Leo started by trying to find a willing accomplice which proved to be a little bit harder than he initially thought it would be. It turned out that the group of hard-core criminals in the area had deep suspicions of outsiders and were wary to engage in work with them unless they came with a good recommendation from another criminal in the area. Clark Mason proved to be of no use in that regard and actually told Leo to not even try to get back in with his operation if he decided to go through with the robbery. “We’ll have nothin’ to do with you after that, nothing at all,” was the exact way he had put it to Leo.
He was determined to do it though and eventually, after another two days of working at it, Leo did find someone who seemed willing to join up in the scheme. Tom Brinnegan was a short, stocky Irishman who had a face full of freckles and walked with a limp that he said came from a childhood incident with a horse. They had crossed paths while Leo was visiting a speakeasy and, although Brinnegan had been just as wary of Leo as everyone else, he soon was convinced to overlook that initial caution. Leo told him quite a story, full of enough truth that it could be verified if looked into, along with a new version of his gunshot wound in which Leo was hit in the course of a getaway during a bank robbery. Tom shared his own story, much more simple than Leo’s, in which he stated he had done a few, “stick up jobs on people at night and robbed a small gift shop about a month ago.” That did not exactly inspire much confidence in Leo, but he really wanted to get his plan into action and Brinnegan was the only willing participant he could find. So the two of them entered into what Leo hoped would be a very temporary alliance to pull off the robbery and get him enough money to leave the area.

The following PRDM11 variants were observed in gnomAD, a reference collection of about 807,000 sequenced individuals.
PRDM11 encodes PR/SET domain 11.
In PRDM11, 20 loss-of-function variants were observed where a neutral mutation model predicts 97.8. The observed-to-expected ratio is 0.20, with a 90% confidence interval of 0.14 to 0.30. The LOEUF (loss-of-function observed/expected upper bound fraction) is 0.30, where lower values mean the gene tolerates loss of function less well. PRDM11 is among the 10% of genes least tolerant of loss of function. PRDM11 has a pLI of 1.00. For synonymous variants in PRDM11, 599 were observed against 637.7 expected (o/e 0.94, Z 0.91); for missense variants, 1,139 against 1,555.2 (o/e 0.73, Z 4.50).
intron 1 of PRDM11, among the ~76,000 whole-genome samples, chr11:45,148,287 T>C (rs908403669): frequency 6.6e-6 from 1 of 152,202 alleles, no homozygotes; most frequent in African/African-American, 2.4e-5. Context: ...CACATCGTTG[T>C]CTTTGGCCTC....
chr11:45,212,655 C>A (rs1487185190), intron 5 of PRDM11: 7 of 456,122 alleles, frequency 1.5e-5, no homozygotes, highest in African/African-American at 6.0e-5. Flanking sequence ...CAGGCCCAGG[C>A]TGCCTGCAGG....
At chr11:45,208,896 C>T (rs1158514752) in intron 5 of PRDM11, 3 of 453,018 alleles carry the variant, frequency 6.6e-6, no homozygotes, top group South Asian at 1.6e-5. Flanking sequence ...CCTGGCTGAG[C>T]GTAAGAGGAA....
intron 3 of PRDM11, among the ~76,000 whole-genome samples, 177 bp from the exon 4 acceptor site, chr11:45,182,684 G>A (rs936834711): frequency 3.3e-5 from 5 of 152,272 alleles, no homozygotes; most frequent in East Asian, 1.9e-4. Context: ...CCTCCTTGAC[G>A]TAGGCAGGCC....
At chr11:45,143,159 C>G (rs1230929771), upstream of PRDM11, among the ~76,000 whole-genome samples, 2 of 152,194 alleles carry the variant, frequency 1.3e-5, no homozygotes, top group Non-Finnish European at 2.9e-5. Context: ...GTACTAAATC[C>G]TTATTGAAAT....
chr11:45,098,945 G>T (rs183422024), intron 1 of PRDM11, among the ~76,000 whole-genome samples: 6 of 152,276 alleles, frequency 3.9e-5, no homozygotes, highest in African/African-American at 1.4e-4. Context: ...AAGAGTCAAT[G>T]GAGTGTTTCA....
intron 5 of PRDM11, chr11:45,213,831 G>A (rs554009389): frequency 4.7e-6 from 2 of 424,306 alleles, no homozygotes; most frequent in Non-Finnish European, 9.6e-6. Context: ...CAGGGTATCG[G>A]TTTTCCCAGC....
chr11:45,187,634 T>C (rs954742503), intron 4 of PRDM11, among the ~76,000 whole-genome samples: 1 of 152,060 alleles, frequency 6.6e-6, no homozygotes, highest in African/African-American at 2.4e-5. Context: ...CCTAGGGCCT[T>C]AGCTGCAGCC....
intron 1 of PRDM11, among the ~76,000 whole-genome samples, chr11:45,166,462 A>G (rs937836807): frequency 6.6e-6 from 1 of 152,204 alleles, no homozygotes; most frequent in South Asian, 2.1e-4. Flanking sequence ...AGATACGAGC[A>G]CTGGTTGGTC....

The next time they met, when Leo had planned to take Tom and go look at some potential targets, the Irishman arrived with a place already picked out. He told Leo that it was a place he knew from a time when he lived a little closer to the central part of Los Angeles, and that is did a good amount of business due to its location. The station, Hamilton’s Texaco, was right outside of the main business section of the city and was surrounded by commercial enterprises that kept traffic flowing in and out of the area. It was, however, quite a distance from where Leo was currently staying and he was reluctant to target a place so far away, especially as it would make the planning very difficult. Brinnegan had an answer for that also, indicating that his brother owned a motel in the area and would let them stay there for cheap and not ask any questions. Still uncertain, Leo agreed to go look at the place if Tom could figure out a way to get the two of them over to the area.
The next day, June 8th, the Irishman pulled up to the Waverley, picked Leo up and they drove to the station, pulling in to get some gas when they arrived. As the attendant filled up their tank Leo wandered around the station’s lot and out onto the road, having to admit that he was impressed. It was indeed a very commercial area with much traffic and he observed two cars turn into the Texaco just in the few minutes he stood there watching the road. There were several employees on duty also, further backing up that the station stayed busy, and none of those people seemed especially concerned with security or the possibility of crime. Once they were fueled up Tom drove around the area for another twenty minutes and then Leo agreed that the Texaco could make a good target. Tom took him back to Van Nuys where he packed up, checked out and by three p.m. they had settled into the motel run by Brinnegan’s brother which was just 5 blocks from the gas and oil station.